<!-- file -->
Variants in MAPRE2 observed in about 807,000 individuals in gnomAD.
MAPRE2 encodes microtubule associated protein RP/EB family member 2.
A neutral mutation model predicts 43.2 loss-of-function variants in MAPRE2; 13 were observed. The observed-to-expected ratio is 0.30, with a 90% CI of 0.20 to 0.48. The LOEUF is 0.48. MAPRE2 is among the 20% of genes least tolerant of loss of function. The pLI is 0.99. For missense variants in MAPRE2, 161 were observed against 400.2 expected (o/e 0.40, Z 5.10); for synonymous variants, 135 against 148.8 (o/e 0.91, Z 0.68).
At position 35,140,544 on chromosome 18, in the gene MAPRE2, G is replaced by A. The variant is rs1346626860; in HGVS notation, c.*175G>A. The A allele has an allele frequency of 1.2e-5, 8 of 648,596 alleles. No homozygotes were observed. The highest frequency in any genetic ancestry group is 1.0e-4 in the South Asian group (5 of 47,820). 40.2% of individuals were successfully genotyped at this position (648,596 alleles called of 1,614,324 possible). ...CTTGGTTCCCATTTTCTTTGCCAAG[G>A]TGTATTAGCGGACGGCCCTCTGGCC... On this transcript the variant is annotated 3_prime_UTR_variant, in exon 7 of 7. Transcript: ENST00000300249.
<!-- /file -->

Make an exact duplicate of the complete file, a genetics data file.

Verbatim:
Variants in MAPRE2 observed in about 807,000 individuals in gnomAD.
MAPRE2 encodes microtubule associated protein RP/EB family member 2.
A neutral mutation model predicts 43.2 loss-of-function variants in MAPRE2; 13 were observed. The observed-to-expected ratio is 0.30, with a 90% CI of 0.20 to 0.48. The LOEUF is 0.48. MAPRE2 is among the 20% of genes least tolerant of loss of function. The pLI is 0.99. For missense variants in MAPRE2, 161 were observed against 400.2 expected (o/e 0.40, Z 5.10); for synonymous variants, 135 against 148.8 (o/e 0.91, Z 0.68).
At position 35,140,544 on chromosome 18, in the gene MAPRE2, G is replaced by A. The variant is rs1346626860; in HGVS notation, c.*175G>A. The A allele has an allele frequency of 1.2e-5, 8 of 648,596 alleles. No homozygotes were observed. The highest frequency in any genetic ancestry group is 1.0e-4 in the South Asian group (5 of 47,820). 40.2% of individuals were successfully genotyped at this position (648,596 alleles called of 1,614,324 possible). ...CTTGGTTCCCATTTTCTTTGCCAAG[G>A]TGTATTAGCGGACGGCCCTCTGGCC... On this transcript the variant is annotated 3_prime_UTR_variant, in exon 7 of 7. Transcript: ENST00000300249.